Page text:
Patients undergoing HIFU ablation are required to fast for at least 4-6 hours before the procedure because the administration of intravenous sedation and analgesia may cause nausea or vomiting during or after the procedure. Prior to treatment, a fine-bore cannula (20F or 22F) is inserted to allow easy venous access for drug administration. For sedation and analgesia, intravenous pethidine (50-100 mg) (an opioid pain medication) and diazepam (5-10 mg) (a short-acting benzodiazepine) are administered together 5-10 minutes before the procedure [23,24]. Although most patients feel some pain and discomfort in the ablation area during treatment because the US energy needs to propagate through the skin, the pain is usually tolerable, and in our experience, it is unusual to have the procedure stopped prematurely because of pain. Some patients may also experience pain radiating to the back of the neck or the shoulder area, which is believed to be related to the stimulation of nerve plexuses behind the thyroid gland by the US energy. Interestingly, in our experience, using a deep cervical nerve block did not seem to reduce this specific complaint, whereas lowering the ablation power was a more effective method of reducing that type of pain.
In terms of the actual procedure, patients are positioned in a supine position with their neck slightly extended by placing a pillow behind the shoulders. After adequate neck exposure, the treatment is carried out with an US-guided HIFU device (EchoPulse, Theraclion, Paris, France). This commercially-available device is essentially a US-guided HIFU machine with a 3-MHz extracorporeal probe, and it comprises four parts: an energy generator, a treatment probe, a skin cooling device, and a touch-screen monitor for control [23,24]. The treatment probe operates on two independent US systems, one for real-time imaging guidance and the other as a HIFU transducer. The imaging system contains 128 elements arranged in a linear array and emits frequencies of 7.5 MHz. The HIFU transducer system contains a single element, measuring 60 mm in diameter. It is capable of emitting frequencies of 3 MHz of pulses up to 125 W of maximum acoustic power, with larger and deeper targets receiving higher power. The imaging system is placed right in the middle of the probe, meaning that the focal point of treatment is always at the center of the US image.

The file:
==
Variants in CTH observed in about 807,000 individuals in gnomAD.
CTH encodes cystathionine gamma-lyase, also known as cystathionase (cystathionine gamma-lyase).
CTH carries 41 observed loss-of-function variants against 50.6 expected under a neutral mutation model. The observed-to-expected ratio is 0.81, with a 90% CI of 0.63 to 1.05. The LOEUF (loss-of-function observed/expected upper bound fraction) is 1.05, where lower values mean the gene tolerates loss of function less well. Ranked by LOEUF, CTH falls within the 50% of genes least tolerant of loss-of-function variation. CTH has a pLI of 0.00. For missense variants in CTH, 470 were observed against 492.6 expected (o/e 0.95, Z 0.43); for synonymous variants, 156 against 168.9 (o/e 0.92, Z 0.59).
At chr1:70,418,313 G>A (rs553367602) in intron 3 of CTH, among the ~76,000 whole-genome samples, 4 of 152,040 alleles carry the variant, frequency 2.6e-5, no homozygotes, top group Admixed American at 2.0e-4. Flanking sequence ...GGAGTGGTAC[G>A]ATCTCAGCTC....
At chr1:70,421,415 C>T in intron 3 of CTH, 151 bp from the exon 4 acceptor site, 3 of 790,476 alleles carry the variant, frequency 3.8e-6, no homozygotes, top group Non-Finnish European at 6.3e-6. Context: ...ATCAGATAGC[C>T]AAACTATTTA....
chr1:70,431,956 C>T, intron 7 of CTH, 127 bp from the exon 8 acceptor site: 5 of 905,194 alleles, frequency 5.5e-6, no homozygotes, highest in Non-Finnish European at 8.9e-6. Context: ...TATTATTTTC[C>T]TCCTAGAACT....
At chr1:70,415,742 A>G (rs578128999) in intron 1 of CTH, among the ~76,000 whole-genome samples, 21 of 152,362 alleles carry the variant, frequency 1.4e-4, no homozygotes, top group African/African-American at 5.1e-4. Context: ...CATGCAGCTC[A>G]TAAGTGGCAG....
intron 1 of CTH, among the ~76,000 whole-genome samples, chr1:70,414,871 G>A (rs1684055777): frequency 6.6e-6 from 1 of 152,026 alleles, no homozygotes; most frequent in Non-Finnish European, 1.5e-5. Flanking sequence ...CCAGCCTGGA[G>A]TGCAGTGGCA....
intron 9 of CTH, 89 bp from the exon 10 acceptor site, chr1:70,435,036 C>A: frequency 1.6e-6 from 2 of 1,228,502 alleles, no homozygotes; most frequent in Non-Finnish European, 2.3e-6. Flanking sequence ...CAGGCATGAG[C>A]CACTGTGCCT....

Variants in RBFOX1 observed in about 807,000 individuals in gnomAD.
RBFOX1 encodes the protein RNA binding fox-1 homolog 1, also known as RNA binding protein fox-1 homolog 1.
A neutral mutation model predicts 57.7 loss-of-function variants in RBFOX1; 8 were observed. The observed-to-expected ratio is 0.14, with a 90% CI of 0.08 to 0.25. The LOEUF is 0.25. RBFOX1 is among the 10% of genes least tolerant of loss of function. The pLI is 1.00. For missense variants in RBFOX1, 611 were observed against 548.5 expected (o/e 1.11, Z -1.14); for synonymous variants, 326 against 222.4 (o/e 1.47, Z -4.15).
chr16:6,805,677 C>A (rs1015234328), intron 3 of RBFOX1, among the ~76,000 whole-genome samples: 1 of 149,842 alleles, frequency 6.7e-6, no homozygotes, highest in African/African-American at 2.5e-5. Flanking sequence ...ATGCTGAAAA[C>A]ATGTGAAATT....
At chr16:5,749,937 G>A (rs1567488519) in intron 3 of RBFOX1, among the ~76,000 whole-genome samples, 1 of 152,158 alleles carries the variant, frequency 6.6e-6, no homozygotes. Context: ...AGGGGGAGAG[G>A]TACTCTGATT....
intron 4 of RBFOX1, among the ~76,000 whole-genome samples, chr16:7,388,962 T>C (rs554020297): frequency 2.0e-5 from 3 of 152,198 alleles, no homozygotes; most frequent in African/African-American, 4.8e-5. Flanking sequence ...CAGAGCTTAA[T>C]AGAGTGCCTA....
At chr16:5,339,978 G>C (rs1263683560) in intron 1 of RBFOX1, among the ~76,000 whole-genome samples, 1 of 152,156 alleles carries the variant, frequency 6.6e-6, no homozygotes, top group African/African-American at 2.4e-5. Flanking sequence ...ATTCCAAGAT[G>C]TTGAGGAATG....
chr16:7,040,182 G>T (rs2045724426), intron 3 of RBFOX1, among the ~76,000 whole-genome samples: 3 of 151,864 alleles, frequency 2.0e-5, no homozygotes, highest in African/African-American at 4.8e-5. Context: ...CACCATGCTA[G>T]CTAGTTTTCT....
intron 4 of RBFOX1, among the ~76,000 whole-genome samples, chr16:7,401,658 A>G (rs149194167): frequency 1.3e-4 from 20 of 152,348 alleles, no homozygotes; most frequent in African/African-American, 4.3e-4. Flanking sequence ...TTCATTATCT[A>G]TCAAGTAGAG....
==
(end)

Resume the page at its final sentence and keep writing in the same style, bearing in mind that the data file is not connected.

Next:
Under US guidance, the treatment probe is positioned above the skin, superficial to the nodule. The computer (Beamotion version no. TUS 3.2.2, Theraclion) then automatically generates multiple ablation sites on the nodule, with each site measuring 7.3 mm in thickness and 5 mm in width (Fig. 1). A HIFU pulse lasting for 8 seconds, followed by 40 seconds of cooling time, is delivered to each ablation site. The length of the cooling time depends on the power of the ablation, with a higher power needing a longer time for cooling (Video clip 1).

Treatment Safety

The thyroid gland lies near a few vital structures, including the carotid artery, trachea, and recurrent laryngeal nerve [24]. These structures are marked and left unablated. A safety distance is recommended to prevent the treatment beam from ablating these structures: 0.2 cm for the common carotid arteries, 0.3 cm for the trachea, and 0.5 cm for the recurrent laryngeal nerve [24]. However, our recent study suggested that a larger safety distance of up to 1.1 cm might be necessary to avoid inadvertent injury to the recurrent laryngeal nerve during treatment [30]. A movement detector prevents ablation to unmarked sites by interrupting the power supply. Cooling of the pre-focal tissue is achieved by a plastic balloon placed at the tip of the treatment head, which is filled with a cooling liquid at 10°C. This prevents any damage to the pre-focal tissues.

Clinical Experience